Tuesday, October 6, 2015

You're doing better than you think

Upworthy recently published a video and short write-up on a social experiment in which people were asked one question -- "Do you think you're successful?"  Loved ones of these people were then asked how they viewed the success of those individuals.  The difference of opinion was eye-opening.

Why do we see ourselves so much differently than others see us?

I've mentioned a few times in the last week that I recently went through a bout of increased insecurity and self-doubt. It happens on occasion, mostly when I start comparing my life with that of others or even just with where I thought I would be by now.

I'm 35. If you'd asked me 15 years ago what my life would be like at this age, I would likely have said I'd be advancing in my journalism/writing career and married with a few kids in a house in the suburbs.

Pretty standard plan, right?  There are lots of people out there living this.

But my reality is that I'm working a full-time job in the insurance industry and two part-time jobs in a library and a brewery.  I'm living in a 600-square-foot, one bedroom apartment.  I'm not even close to being married. I can't get beyond a date or two with a guy.  And my only dependents have four legs and fur.

If I had to rate my success on a scale of 1 to 10, I'd probably put myself at a 5. Or maybe a 6 on a good day.

There are times I look at my life and feel like a complete failure.  I'm not using my degree, and I wouldn't call my professional life any sort of success.  The romantic/family arena of my life is even worse. I don't even think calling it a failure is a strong enough word.

The other day, a friend posted this on my Facebook wall:

The comment came from out of the blue, and I was speechless.

I'm an inspiration?  How could she say that much less believe it?

Another friend recently told me that I inspire her as well, that she looks up to me for all I've accomplished.

How can that be when I don't feel like I've accomplished anything?

It's so easy to get caught up in the comparison game -- whether it's to others or to the picture in our heads of how it should be.  I think it skews our vision as we look in the mirror and at our own life.  Those who love us have a different perspective, and maybe it's one we should listen to more often. I know I'm going to try.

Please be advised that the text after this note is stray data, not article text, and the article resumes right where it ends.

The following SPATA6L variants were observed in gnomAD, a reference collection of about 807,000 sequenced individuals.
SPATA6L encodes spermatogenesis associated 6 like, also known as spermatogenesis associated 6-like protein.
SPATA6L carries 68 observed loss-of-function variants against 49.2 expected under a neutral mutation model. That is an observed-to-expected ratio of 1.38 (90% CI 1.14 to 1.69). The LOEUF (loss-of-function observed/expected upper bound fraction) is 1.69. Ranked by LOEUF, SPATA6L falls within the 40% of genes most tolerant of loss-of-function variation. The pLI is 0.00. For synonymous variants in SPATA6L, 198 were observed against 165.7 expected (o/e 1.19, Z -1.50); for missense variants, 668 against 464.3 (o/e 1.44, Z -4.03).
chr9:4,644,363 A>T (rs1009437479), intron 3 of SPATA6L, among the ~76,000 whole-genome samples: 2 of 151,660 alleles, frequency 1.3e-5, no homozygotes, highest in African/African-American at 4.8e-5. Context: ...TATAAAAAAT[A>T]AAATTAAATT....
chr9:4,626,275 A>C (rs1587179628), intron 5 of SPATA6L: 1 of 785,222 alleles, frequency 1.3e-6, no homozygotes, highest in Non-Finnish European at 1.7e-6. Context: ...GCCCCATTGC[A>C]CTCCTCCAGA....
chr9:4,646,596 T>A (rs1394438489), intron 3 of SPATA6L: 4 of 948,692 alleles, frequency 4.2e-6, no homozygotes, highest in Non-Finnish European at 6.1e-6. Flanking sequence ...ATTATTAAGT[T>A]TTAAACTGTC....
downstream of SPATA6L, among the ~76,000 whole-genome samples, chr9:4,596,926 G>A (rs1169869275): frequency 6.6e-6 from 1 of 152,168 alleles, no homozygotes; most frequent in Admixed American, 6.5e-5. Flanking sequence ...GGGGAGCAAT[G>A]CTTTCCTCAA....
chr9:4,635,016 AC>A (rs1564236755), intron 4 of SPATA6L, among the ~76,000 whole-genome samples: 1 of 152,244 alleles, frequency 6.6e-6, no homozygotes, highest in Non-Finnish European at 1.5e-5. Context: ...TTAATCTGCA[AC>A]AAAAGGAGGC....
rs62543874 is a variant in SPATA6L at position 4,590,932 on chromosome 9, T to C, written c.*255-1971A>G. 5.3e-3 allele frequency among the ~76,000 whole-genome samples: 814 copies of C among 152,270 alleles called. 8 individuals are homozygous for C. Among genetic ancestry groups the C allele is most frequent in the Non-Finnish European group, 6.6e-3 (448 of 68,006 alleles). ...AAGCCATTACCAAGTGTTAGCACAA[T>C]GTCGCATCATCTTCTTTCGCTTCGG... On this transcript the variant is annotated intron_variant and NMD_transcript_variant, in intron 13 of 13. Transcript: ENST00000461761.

1. I love this post, Micah.
    We often have such high standards set for ourselves, and we get so disappointed if we fall short of them.
    Others just see you living, and enjoying life. Having fun. Being YOU. And that's inspirational in itself.
    Goals are great, but they just that, "goals". And if you don't meet all of them, keep at 'em, but never stop being true to yourself. Glad that your friend was able to help you see a different side :)

  2. I don't compare myself to others too much, more comparison to expectations of self. I think we're always harder on ourselves than others are. We could learn to appreciate what we are doing more.

  3. I frequently tell Chris that I wish he could see himself the way I see him. And I think this is true for most people. I wish others could see themselves the way I do, because they would be shocked, I think, at how awesome they really are. The problem is that it is so much easier to recognize our flaws than our good traits because we are trained to see those things and to constantly be working on improving ourselves.

    I think you are awesome.

  4. I had one of these moments this past summer. While I was wallowing that I was a failure in my mind because I was three years out of university and hadn't landed a full time job in my career field, am constantly single, etc. I felt like I had nothing to contribute to conversations when my counterparts where all being so successful and moving forward. I was absolutely dreading a wedding of a close college friend because it would be the first time we were all together since graduation. I almost didn't go. Then I find out everyone is raving about how my life is so neat and I just look like I'm having an awesome time going on adventures and making my dreams come true. These people who I wanted to be in their place for certain reasons, wanted to be in my place for their own reason. I was jaw on the floor shocked. Since then I've really tried to remind myself that we ourselves are often more critical than how others perceive us and we should really cut ourselves some slack from time to time. Look at the positives we have conquered.


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